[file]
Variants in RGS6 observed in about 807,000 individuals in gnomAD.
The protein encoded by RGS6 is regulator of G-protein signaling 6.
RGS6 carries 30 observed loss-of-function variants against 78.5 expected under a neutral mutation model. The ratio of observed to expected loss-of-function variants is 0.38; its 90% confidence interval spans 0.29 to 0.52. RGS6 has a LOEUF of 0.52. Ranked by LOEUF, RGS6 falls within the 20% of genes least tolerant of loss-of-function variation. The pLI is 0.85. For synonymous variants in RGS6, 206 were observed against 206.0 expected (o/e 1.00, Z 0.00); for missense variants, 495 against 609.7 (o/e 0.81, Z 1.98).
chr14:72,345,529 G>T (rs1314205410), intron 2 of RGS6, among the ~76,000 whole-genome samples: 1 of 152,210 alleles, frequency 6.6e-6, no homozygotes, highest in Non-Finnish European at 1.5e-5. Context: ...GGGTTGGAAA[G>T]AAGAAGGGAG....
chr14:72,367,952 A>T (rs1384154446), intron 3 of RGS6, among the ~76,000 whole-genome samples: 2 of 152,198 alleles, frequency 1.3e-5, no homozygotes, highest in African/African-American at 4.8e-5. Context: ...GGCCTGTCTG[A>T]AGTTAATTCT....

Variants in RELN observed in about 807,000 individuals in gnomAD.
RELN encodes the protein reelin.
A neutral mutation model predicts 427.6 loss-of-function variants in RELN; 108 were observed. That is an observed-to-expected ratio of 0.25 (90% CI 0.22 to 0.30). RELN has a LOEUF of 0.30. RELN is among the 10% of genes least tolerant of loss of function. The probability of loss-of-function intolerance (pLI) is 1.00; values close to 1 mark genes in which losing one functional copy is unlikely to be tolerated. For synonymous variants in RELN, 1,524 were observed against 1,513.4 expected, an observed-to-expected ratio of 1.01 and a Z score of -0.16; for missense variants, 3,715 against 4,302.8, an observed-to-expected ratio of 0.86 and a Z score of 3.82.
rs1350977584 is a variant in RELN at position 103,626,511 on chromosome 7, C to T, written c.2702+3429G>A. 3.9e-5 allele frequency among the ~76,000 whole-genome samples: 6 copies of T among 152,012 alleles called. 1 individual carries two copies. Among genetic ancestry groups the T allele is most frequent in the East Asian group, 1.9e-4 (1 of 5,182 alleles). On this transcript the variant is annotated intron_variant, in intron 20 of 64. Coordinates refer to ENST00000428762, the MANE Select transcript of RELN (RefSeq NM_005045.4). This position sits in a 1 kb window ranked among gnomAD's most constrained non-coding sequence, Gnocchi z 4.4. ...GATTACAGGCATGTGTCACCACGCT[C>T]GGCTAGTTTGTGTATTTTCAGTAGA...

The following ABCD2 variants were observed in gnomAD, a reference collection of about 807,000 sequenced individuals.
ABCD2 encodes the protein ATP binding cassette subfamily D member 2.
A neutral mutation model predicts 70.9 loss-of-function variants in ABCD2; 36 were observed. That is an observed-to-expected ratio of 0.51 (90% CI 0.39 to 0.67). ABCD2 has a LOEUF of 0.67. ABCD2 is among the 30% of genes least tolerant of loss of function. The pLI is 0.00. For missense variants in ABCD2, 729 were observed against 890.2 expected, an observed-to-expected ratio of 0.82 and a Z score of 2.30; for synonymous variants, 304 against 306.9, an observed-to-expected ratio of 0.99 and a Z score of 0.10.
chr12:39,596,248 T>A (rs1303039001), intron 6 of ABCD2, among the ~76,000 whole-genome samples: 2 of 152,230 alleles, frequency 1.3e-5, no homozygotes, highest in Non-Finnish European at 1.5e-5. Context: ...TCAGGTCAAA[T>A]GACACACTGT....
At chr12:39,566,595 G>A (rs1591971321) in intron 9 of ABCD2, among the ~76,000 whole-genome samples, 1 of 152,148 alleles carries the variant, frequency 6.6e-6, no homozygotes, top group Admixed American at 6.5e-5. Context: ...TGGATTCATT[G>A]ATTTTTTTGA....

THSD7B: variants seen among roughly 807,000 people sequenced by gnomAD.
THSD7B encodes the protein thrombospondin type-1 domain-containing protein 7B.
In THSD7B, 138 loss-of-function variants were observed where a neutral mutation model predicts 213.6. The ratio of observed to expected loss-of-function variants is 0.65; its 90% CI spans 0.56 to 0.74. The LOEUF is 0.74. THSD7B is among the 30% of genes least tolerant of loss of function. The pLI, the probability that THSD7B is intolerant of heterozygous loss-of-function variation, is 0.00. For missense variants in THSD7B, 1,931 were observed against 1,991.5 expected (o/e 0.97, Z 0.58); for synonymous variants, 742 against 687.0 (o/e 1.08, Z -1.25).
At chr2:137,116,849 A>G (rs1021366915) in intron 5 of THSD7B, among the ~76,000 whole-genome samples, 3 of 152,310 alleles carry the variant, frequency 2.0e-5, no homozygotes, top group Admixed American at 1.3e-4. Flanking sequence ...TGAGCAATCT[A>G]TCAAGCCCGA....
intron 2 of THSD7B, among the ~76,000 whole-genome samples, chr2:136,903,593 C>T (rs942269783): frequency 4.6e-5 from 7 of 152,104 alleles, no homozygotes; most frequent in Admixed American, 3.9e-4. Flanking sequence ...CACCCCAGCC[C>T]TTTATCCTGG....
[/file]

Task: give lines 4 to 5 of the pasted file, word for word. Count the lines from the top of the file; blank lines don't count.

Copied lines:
chr14:72,345,529 G>T (rs1314205410), intron 2 of RGS6, among the ~76,000 whole-genome samples: 1 of 152,210 alleles, frequency 6.6e-6, no homozygotes, highest in Non-Finnish European at 1.5e-5. Context: ...GGGTTGGAAA[G>T]AAGAAGGGAG....
chr14:72,367,952 A>T (rs1384154446), intron 3 of RGS6, among the ~76,000 whole-genome samples: 2 of 152,198 alleles, frequency 1.3e-5, no homozygotes, highest in African/African-American at 4.8e-5. Context: ...GGCCTGTCTG[A>T]AGTTAATTCT....